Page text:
I noted earlier this week that the ACM was making papers from this year's International Computing Education Research conference freely available—but only for two weeks, which isn't what anyone else means by "open access" (and is frankly ridiculous). I'm therefore grateful to Neil Brown for pointing out bullet #4 on this page, which says that authors and owners permanently hold the right to:
Post the Accepted Version of the Work on (1) the Author's home page, (2) the Owner's institutional repository, (3) any repository legally mandated by an agency funding the research on which the Work is based, and (4) any non-commercial repository or aggregation that does not duplicate ACM tables of contents, i.e., whose patterns of links do not substantially duplicate an ACM-copyrighted volume or issue. Non-commercial repositories are here understood as repositories owned by non-profit organizations that do not charge a fee for accessing deposited articles and that do not sell advertising or otherwise profit from serving articles.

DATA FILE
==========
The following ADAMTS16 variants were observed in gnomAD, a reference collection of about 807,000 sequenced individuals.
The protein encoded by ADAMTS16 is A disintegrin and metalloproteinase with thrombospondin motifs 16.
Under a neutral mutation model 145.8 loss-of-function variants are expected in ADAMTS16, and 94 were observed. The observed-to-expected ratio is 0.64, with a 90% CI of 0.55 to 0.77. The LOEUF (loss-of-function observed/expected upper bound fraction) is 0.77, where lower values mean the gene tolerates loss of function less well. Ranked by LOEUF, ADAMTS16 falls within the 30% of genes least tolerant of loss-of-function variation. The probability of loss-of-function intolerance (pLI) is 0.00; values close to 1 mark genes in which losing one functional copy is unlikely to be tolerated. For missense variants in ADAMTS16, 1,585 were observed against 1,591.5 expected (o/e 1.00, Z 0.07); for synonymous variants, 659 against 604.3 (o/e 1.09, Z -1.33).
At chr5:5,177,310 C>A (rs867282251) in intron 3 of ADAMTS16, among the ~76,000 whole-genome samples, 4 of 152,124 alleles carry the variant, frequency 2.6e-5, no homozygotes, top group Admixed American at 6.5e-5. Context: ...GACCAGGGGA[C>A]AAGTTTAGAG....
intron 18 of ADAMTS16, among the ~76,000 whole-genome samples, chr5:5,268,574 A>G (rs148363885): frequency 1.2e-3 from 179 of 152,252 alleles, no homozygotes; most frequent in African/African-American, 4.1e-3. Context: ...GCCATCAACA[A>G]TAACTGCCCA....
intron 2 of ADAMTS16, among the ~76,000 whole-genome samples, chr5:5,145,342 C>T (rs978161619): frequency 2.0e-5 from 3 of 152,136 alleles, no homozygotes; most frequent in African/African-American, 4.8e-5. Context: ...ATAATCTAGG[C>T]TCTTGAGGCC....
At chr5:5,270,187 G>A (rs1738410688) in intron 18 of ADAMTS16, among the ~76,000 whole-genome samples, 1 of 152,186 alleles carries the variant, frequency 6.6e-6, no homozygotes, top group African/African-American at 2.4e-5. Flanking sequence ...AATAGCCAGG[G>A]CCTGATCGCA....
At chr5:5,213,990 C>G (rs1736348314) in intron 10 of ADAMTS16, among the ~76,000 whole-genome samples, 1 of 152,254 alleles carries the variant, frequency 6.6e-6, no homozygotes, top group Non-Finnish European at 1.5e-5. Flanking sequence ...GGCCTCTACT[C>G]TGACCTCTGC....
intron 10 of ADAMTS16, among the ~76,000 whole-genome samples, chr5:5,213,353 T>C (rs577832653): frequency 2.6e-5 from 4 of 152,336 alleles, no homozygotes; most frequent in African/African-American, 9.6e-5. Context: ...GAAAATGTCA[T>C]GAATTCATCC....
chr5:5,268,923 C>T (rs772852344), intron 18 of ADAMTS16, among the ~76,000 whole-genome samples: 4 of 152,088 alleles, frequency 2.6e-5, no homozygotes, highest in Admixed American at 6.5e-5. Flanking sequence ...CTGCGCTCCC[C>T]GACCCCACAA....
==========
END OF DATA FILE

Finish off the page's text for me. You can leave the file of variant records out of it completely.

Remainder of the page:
In other words, people can now post open-access copies of their papers as long as they do so on non-commercial sites. It's clear that this isn't widely known, so I'll be mailing some of the researchers who presented at ICER (and elsewhere) asking them to take advantage of it, and will post reviews here as papers become available.
This post originally appeared at It Will Never Work in Theory.